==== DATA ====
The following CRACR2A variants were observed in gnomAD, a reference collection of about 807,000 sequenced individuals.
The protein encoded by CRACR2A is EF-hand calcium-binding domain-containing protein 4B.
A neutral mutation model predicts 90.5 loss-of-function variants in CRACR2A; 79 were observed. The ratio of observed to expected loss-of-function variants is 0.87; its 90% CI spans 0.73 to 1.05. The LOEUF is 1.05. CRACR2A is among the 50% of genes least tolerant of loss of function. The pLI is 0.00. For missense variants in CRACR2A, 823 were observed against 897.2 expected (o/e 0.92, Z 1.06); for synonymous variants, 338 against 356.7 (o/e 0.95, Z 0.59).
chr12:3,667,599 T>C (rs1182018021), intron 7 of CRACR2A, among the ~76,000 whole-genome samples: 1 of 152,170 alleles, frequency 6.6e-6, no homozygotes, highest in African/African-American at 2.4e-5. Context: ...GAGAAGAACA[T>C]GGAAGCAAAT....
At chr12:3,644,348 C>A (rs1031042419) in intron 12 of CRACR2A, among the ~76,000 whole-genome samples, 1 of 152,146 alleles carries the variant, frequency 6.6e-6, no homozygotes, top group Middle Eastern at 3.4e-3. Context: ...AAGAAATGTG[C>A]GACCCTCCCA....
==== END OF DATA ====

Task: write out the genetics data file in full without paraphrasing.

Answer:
The following CRACR2A variants were observed in gnomAD, a reference collection of about 807,000 sequenced individuals.
The protein encoded by CRACR2A is EF-hand calcium-binding domain-containing protein 4B.
A neutral mutation model predicts 90.5 loss-of-function variants in CRACR2A; 79 were observed. The ratio of observed to expected loss-of-function variants is 0.87; its 90% CI spans 0.73 to 1.05. The LOEUF is 1.05. CRACR2A is among the 50% of genes least tolerant of loss of function. The pLI is 0.00. For missense variants in CRACR2A, 823 were observed against 897.2 expected (o/e 0.92, Z 1.06); for synonymous variants, 338 against 356.7 (o/e 0.95, Z 0.59).
chr12:3,667,599 T>C (rs1182018021), intron 7 of CRACR2A, among the ~76,000 whole-genome samples: 1 of 152,170 alleles, frequency 6.6e-6, no homozygotes, highest in African/African-American at 2.4e-5. Context: ...GAGAAGAACA[T>C]GGAAGCAAAT....
At chr12:3,644,348 C>A (rs1031042419) in intron 12 of CRACR2A, among the ~76,000 whole-genome samples, 1 of 152,146 alleles carries the variant, frequency 6.6e-6, no homozygotes, top group Middle Eastern at 3.4e-3. Context: ...AAGAAATGTG[C>A]GACCCTCCCA....